[plt-scheme] keywords (a backward-incompatible change)

From: Felix Klock's PLT scheme proxy (pltscheme at pnkfx.org)
Date: Sun Oct 2 13:51:25 EDT 2005


On Oct 2, 2005, at 2:18 AM, Jim Blandy wrote:

> If it's all up to the callee to parse its argument list, and the only
> magic associated with keywords is that they're self-quoting, I guess I
> don't see why they're so much better than quoted symbols, i.e.:
>    (slide 'center? #t 'tall? #t
>           contents ...)

I have wondered this myself, and have implemented keyword-based  
binding using symbols as the keyword representation.

When I asked Joe Marshall about it a number of months ago, he told me  
that self-quotation *is* essential, because 'x isn't really 'x, its  
sugar for (quote x), which means that when you start manipulating  
that as syntax, you might end up with the (syntax quote) separated  
from the (syntax x).  [[ I'm paraphrasing here, and I didn't fully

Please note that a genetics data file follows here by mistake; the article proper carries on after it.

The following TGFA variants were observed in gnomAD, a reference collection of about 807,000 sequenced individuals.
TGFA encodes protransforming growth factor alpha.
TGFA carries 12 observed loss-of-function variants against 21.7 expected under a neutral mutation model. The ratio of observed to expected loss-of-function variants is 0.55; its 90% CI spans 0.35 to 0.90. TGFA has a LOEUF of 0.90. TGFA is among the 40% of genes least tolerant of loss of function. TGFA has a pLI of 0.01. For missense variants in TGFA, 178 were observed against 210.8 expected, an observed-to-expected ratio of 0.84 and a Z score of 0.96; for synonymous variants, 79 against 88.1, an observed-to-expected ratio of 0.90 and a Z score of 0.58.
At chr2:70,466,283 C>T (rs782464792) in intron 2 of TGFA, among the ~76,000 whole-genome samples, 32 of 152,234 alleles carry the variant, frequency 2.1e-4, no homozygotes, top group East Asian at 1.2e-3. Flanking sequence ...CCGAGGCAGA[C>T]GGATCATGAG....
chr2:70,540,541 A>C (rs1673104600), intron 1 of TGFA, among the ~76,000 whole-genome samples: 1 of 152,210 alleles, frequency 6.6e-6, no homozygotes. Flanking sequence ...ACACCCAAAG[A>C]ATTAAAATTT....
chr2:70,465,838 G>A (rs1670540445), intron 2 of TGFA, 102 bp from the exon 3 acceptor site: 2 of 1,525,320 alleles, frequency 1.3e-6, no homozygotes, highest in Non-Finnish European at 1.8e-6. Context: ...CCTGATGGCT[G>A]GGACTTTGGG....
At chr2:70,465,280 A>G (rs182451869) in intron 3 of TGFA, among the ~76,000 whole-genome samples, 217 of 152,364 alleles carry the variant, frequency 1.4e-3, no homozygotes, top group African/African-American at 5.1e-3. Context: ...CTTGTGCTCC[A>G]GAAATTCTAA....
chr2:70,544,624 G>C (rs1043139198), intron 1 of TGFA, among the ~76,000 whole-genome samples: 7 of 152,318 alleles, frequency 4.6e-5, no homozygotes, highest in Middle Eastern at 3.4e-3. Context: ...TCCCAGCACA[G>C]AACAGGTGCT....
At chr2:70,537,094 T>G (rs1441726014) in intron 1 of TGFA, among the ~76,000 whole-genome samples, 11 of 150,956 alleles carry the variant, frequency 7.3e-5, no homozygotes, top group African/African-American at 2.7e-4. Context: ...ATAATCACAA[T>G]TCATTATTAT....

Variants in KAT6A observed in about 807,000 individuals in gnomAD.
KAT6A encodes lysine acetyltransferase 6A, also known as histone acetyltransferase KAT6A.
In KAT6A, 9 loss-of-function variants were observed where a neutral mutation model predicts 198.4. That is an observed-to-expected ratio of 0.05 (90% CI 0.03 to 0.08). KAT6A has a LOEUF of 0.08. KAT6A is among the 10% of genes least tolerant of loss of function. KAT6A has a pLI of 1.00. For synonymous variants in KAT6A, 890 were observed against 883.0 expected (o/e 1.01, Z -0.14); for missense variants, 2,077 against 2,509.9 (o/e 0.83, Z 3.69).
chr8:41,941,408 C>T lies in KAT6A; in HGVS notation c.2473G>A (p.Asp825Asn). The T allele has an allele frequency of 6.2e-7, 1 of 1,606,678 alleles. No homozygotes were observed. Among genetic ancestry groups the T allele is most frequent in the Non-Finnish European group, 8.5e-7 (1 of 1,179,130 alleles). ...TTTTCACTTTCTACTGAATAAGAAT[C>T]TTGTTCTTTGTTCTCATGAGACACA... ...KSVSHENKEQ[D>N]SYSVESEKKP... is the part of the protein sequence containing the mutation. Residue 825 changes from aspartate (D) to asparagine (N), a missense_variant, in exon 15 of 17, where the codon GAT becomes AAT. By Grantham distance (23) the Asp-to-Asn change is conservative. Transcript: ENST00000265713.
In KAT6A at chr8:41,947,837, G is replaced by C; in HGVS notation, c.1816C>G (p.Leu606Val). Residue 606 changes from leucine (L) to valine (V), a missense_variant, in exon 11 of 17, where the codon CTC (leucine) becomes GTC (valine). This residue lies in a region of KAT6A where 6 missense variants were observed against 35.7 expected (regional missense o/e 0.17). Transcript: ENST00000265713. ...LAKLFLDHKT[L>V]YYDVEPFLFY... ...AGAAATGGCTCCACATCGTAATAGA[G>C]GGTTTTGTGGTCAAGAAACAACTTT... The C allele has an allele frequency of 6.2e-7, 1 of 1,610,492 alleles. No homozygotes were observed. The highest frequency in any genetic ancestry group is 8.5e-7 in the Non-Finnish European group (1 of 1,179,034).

understand the argument at the time, nor do I fully understand it  
now, so forgive me if I'm misquoting you, Joe. ]]

In essence, I think part of the problem might be when you have a  
syntax-rules macro that looks like:
(syntax-rules ()
    [(fun (foo x) blah)
     (func (to foo) (from x) blah)]
    [(fun x blah)
     (func x blah)])

When you pass in 'y as the second argument to fun, we would end up in  
the first clause of the syntax-rules expression, and 'y will get  
parsed as two separate pieces, binding foo to quote and x to y.  If  
we had a keyword representation, :y, then it would be kept as an  
atomic value and would end up in the second clause of the syntax- 
rules expression.


p.s. I second the motion to use the syntax #:foo for keywords instead  
of snagging :foo.  But I suspect that I will lose on this vote.

Posted on the users mailing list.